Hiking with Polar Bears

Dan Clements spoke to our club about hiking with polar bears. 
Bob traveled to Seal River in Canada.  He flew over the tundra to get to Seal River Lodge.  The polar bears were waiting as soon as he landed.
Most travelers see the bears from a tundra buggy but it is more difficult to photograph the bears.  The advantages of hiking is you can get closer to the bears and explore more areas.  Males can weigh up to 1800 pounds, they have a keen sense of smell, and they do not hibernate except for females with cubs.   They can swim up to 200 miles and they leave 20-25 years.  There are 22,000-30,000 polar bears in the world.  All bears have scent glands in their paws.  They leave scent trails when they walk.  There are 19 polar bear sub-populations.
Dan got to see the Aurora Borealis.  They experienced 20-25 below zero temperatures for their morning hikes.  During a safety briefing Dan was told to get together in a group and don’t move.  Look as big as possible and carry two rocks in each pocket to disrupt the way the bears scope things out.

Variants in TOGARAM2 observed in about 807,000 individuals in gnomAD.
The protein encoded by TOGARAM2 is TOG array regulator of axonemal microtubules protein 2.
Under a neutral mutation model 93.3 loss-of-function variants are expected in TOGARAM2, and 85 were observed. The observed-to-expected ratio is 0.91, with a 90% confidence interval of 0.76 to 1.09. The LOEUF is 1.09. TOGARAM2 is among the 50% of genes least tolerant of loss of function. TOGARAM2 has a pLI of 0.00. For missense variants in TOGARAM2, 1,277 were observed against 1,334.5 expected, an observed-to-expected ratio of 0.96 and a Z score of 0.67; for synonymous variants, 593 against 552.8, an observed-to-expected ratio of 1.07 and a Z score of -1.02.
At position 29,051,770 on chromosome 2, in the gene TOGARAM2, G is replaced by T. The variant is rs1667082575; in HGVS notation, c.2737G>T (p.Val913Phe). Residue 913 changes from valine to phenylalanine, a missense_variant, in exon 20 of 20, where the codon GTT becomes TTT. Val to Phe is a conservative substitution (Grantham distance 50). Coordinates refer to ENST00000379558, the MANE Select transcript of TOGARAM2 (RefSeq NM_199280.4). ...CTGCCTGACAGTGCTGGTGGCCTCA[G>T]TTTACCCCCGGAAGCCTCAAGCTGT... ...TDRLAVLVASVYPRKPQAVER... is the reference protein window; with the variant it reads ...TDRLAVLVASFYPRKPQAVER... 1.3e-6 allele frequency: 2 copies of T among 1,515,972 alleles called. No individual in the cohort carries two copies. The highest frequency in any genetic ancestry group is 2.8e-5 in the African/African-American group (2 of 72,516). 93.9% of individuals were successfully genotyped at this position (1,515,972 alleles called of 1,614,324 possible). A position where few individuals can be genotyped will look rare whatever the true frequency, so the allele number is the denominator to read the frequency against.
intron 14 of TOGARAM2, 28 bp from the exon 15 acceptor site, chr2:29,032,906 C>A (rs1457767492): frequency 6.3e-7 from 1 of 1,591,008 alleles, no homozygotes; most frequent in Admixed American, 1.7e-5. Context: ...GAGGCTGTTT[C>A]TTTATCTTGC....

Dan saw caribou, snowy owls, and arctic fox as well.  He observed and photographed polar bears sparing, napping, and stretching.
The last polar bear census was done in 2011.  One population is declining, most are remaining stable or growing.  Polar bears are not becoming extinct and dying off.  Ice is definitely melting.  Since 1979 sea ice declined by about 39% in the arctic.  Polar bears normally hunt on the ice so the melting they are on land one month longer than before.   They are becoming emaciated.  Polar bears can hunt beluga whales and dolphins.  They are great swimmers and hunters in water.
Polar bears are mostly in decent shape.  They will do well in select areas but go extinct in other areas.  During the last ice age the area Dan visited was under 2-3 miles of ice and people were living in the area. Polar bears have demonstrated they can adapt to a changing environment.